What could be more natural than a marketer selling a product to other marketers? Or an engineer pushing a new devops tool to other developers? Or a customer success person pitching CS tools? After all, they both speak the same language, come from the same domain, will develop trust quickly. Consequently, they will sell faster and more efficiently. This might seem like a very logical argument for differentiating on sales processes, but it’s a fallacy.
Why doesn’t this strategy work?
First, it presumes that the most valuable skill set in sales is building rapport. Trust is critical. You won’t buy a product from someone you don’t trust or respect, or who doesn’t understand your challenges. However, trust-building skills are insufficient to be a great salesperson.
Great salespeople understand how to manage a sales process and the five key people in a sales process. They know how to structure contracts to navigate procurement. Great account executives understand where to spend their time to maximize their success.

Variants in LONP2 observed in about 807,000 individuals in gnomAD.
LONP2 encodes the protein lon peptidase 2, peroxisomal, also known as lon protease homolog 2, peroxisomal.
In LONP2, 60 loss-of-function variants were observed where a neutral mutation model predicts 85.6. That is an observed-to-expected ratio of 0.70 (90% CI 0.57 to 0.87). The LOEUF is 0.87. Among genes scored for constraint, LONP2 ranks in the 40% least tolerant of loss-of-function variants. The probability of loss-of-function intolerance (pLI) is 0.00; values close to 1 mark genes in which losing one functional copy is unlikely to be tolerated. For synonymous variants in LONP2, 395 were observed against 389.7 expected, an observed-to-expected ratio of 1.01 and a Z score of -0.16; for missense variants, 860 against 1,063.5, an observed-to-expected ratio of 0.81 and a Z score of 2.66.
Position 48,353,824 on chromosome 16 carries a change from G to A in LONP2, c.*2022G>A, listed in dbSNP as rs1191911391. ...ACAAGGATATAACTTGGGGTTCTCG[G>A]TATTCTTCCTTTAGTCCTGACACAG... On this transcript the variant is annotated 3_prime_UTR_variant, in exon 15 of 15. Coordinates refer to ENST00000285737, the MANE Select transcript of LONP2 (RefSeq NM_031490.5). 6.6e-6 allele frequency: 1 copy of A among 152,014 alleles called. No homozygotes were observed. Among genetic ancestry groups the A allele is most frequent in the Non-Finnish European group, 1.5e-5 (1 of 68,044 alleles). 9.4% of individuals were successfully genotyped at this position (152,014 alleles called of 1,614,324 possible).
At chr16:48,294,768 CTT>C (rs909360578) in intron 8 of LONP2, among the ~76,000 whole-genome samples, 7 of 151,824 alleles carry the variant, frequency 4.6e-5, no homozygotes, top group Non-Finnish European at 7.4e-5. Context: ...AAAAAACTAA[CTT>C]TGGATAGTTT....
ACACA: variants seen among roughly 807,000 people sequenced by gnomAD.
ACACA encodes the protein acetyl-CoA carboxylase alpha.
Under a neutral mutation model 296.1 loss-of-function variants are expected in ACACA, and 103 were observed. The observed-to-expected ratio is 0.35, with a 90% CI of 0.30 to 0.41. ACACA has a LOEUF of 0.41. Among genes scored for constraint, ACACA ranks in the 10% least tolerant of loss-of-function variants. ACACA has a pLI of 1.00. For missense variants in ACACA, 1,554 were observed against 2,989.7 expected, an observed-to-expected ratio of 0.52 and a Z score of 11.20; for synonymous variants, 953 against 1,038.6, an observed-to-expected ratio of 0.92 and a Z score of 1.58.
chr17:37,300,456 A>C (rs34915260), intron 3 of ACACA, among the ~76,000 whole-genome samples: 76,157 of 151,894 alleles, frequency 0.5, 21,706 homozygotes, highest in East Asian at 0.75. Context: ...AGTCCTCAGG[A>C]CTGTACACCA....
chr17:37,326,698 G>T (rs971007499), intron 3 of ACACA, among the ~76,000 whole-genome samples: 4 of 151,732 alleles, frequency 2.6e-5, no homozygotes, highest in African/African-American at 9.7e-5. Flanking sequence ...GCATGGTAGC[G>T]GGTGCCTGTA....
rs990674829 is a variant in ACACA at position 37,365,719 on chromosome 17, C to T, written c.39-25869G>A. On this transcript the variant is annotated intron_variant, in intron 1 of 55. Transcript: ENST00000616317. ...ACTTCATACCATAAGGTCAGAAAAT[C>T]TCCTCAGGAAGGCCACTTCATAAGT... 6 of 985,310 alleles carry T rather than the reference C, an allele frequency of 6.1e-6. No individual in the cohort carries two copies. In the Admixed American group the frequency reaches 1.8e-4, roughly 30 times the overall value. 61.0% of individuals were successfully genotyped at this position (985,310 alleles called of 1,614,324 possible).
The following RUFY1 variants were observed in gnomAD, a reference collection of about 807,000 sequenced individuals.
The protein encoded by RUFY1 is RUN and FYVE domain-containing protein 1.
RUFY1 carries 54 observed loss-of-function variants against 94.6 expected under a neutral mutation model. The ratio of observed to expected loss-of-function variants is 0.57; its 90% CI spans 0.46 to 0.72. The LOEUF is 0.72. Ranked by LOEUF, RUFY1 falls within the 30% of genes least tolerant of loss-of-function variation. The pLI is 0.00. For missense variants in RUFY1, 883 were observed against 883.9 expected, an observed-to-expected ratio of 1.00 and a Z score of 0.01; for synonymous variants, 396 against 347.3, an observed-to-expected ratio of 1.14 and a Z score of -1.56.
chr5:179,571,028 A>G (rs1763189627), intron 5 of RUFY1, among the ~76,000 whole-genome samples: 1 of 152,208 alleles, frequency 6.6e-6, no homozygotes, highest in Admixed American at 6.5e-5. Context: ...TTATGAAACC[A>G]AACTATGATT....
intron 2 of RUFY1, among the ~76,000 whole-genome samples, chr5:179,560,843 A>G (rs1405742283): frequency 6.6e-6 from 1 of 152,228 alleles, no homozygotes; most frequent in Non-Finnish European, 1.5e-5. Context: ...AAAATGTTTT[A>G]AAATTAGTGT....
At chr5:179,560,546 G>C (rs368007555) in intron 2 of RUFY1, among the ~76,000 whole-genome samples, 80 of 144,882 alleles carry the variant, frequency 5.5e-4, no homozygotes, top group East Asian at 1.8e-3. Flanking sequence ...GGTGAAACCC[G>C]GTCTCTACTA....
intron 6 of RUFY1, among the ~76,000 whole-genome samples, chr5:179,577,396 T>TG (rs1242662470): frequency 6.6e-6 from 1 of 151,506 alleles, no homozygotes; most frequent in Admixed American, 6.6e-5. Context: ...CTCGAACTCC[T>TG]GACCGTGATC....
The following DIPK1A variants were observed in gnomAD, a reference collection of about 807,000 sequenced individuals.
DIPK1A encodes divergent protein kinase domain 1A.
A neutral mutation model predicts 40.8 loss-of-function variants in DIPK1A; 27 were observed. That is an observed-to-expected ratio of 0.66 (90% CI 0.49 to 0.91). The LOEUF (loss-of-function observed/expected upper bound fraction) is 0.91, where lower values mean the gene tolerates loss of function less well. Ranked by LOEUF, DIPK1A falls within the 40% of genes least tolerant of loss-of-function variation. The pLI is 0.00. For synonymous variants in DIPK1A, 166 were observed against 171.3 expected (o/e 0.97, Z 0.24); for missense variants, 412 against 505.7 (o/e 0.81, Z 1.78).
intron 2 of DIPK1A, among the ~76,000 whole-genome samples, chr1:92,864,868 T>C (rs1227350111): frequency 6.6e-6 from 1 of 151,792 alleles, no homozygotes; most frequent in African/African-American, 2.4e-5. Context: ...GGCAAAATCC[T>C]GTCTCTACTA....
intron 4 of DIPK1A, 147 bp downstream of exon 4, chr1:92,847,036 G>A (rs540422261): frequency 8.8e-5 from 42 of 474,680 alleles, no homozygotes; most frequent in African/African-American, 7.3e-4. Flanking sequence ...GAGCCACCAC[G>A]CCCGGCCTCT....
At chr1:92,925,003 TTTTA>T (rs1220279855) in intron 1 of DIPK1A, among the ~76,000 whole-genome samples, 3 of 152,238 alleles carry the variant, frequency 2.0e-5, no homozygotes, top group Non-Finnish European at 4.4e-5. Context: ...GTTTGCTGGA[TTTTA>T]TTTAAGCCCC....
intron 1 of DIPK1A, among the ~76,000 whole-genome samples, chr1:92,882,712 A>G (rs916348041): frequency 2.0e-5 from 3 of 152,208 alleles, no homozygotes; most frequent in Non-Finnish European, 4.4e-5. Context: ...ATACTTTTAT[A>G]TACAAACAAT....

Second, this fallacy assumes a company cannot train a salesperson to be knowledgeable enough about a category to develop rapport - or do that at scale. Page through the resumes of account executives at some of the world’s largest software companies and you’ll see most of them are career SDRs and account executives. In fact, startups must teach everyone in the company to speak effectively to customers. This is just as critical for sales as customer support as recruiting as press and marketing.
Third, “hiring a role to sell strategy” creates scaling challenges. How many marketers are currently looking to move into sales right now? The universe of available account executives dwarfs the meager number of career-changing marketers.
It’s possible to build a pipeline of marketers, but the recruiting process will be slow. Imagine meeting an engineer or a product manager to convince them to become a sales-person. “We’d like to hire you as an account executive. We’ll cut your salary in half, give you the other half in commission, if and only if you sell a certain number of customers. You’ll have a few months to learn on the job and then it’s sink or swim.”
Fourth, the last point highlights the differences in motivation between sales organizations and others. Many salespeople prefer the idea of taking home a share of their commissions. There’s more risk, but there’s much more reward than a salaried position. This simple dynamic ensures that sales compensation plans manage sales teams effectively, by rewarding key sales behavior with multipliers and kickers.
To first order, the idea of hiring a role to sell might seem logical. But the challenges of scaling and managing a role sales team outweigh the ostensible advantages.